Last, we sought to determine whether in vivo gene editing resulted in unintended editing within the mouse genome. The top four computationally derived off-target candidate loci were submitted to targeted deep sequencing. Results showed little to no detectable off-target gene editing at the four chosen loci regardless of vector dose (Fig. 6a). Additionally, we sought to explore long-term consequences of virus-mediated gene editing. Mice from all groups in the hAAT long-term gene expression experiment were analyzed for pathology and indices of liver toxicity by trained pathologist 200 dpi. All mice appeared in overall good health and no gross lesions were seen in any mice, although one virally treated mouse had a dilated left ventricle in the heart without overall cardiomegaly (Supplemental Fig. 10A, B). Histopathology of livers showed no abnormal pathology and only normal signs of aging including vacuolation of hepatocytes and hematopoiesis, including mice receiving PBS-only (no virus) injections. Indices of liver toxicity, transaminase levels, were normal in all mice and complete blood counts showed no noteworthy differences between groups (Fig. 6b, Supplemental Fig. 10C, D).
In this study, we employed adenovirus to achieve in vivo gene transfer at efficiency levels which feasibilized gene editing-based knock-in of corrective alleles. The ability of the delivered CRISPR/Cas9 system to achieve a targeted knock-in at a defined genomic locus potentially provides a strategy to circumvent genotoxic risk associated with integrating vectors. The efficiency of the process was fostered by the unparalleled in vivo gene delivery capacity of adenovirus. On this basis, knock-in was achieved at levels allowing serum augmentation based on functional expression of the corrective allele. Of note, the combination of CRISPR/Cas9 with adenovirus now provides a novel platform that potentially accrues the advantages of adenovirus, in combination with long-term gene expression.
First, successful gene transfer of the CRISPR/Cas9 system was confirmed by in vitro evidence of NHEJ repair of DSBs (Fig. 2a). High-efficiency gene editing was achieved at higher doses, approximately 50%. We would note that this high-efficiency in vitro editing was at a short time period after transduction. Next, in vitro co-transduction with a donor vector containing homology sequences confirmed that targeted insertion was possible at the ROSA26 locus via HDR of DSBs (Fig. 2b). By modeling cellular division through a long-term culture scheme, we observed that cells were able to retain EGFP-integrated ROSA26 alleles over the 36-day time course (Fig. 2b). However, EGFP cDNA copy numbers were not significant different between integrative and non-integrative groups in long-term culture, potentially due to a lack of selectable marker and the arbitrary selection imposed by random culture splits during each passaging. In essence, cells with EGFP-integrated alleles that would retain EGFP expression could have been lost unevenly during any of the four splits during culturing. Overall, our in vitro model of episomal dilution and cellular proliferation suggested that genetically altered alleles could persist over time in vitro. Interestingly, viral genomes were detected in both integrative and non-integrative groups even after 36 days of culturing, likely the result of residual episomal virus persisting through passaging. Adenoviral vectors have been well documented to persist both in vitro and in vivo [26,27,28].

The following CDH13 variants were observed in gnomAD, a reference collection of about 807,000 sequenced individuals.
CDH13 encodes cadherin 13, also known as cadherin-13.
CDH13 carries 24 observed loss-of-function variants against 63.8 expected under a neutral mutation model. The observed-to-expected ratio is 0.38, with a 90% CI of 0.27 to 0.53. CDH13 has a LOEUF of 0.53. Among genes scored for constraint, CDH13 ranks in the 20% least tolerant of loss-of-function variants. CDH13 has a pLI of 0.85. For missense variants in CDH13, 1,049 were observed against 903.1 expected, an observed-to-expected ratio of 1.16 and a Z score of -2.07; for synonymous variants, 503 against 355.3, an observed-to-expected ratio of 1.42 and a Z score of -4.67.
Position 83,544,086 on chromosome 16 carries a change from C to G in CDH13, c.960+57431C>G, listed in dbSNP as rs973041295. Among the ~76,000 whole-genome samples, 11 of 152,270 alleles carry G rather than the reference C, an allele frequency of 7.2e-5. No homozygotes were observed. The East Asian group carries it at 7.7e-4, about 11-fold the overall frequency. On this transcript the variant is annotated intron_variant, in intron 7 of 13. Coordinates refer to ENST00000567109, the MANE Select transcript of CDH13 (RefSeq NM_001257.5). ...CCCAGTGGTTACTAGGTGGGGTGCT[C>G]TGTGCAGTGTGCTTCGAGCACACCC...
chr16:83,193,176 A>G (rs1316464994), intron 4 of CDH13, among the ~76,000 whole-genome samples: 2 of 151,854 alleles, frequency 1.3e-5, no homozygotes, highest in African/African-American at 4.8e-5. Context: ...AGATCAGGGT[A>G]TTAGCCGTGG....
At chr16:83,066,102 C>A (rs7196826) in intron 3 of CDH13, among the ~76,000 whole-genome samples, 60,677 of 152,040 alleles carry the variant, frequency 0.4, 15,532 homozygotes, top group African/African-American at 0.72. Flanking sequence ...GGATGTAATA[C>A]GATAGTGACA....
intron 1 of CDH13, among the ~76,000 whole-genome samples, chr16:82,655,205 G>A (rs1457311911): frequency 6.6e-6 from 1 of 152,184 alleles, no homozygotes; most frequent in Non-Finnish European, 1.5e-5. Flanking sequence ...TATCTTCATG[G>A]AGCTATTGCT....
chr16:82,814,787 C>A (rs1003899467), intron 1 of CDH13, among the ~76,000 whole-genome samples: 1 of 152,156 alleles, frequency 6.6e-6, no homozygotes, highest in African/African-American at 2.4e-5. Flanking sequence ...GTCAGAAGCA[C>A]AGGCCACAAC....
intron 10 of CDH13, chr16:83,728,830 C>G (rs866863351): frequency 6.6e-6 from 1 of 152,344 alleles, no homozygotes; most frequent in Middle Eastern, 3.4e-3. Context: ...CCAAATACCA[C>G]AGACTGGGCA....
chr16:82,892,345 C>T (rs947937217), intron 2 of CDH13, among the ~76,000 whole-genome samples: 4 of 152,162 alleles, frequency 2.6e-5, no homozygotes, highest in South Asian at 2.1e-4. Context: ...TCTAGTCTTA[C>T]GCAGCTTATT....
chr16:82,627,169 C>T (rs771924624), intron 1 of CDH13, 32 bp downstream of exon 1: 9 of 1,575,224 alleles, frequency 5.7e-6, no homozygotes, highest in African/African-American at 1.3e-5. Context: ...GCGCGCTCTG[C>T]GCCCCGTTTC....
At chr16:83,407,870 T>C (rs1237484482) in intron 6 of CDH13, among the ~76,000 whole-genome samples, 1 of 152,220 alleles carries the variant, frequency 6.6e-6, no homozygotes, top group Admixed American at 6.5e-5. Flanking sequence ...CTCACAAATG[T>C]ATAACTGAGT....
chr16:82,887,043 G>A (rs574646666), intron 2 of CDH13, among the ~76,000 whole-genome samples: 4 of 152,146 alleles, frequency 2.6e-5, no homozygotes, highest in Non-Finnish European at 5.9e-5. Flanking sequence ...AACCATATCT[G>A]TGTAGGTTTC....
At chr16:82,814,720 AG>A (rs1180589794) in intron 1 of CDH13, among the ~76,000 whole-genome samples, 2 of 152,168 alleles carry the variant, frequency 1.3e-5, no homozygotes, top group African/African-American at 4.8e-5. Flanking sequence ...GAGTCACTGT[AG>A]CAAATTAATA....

Next, we used targeted hAAT knock-in to explore long-term gene expression using adenoviral vectors in an immune-competent model, as cellular turnover and episomal dilution could proceed differently in vivo. Our study found that serum protein levels lasted the duration of the experiment, approximately 200 days, in both integrative and non-integrative mouse groups (Fig. 3a). This study represents the first in vivo hAAT full cDNA knock-in and the longest tracking of somatic gene editing using adenoviral delivery of CRISPR/Cas9. Importantly, hAAT expression in all mice receiving episomal non-integrative vectors fell to a residual level of approximately 2.2 µg/mL or less, while integration-capable groups averaged 2.9-fold and 6.5-fold greater levels of hAAT in serum, representing a marked divergence from their non-integrative counterparts (Fig. 3). By the end of the time course, mice receiving the integrative system had serum levels nearly equivalent to or greater than the highest expressing non-integrative mice, even when as little as one-third hAAT-encoding virus was administered. Thus, in vivo somatic knock-in appears to be an effective approach to maintaining expression of a serum protein. Interestingly, the group maintaining the highest hAAT serum levels received three parts hAAT donor vector to one part CRISPR/Cas9-encoding vector. This trend suggests the importance of multiple copies of repair template to achieve efficient integration, as seen in another integration study .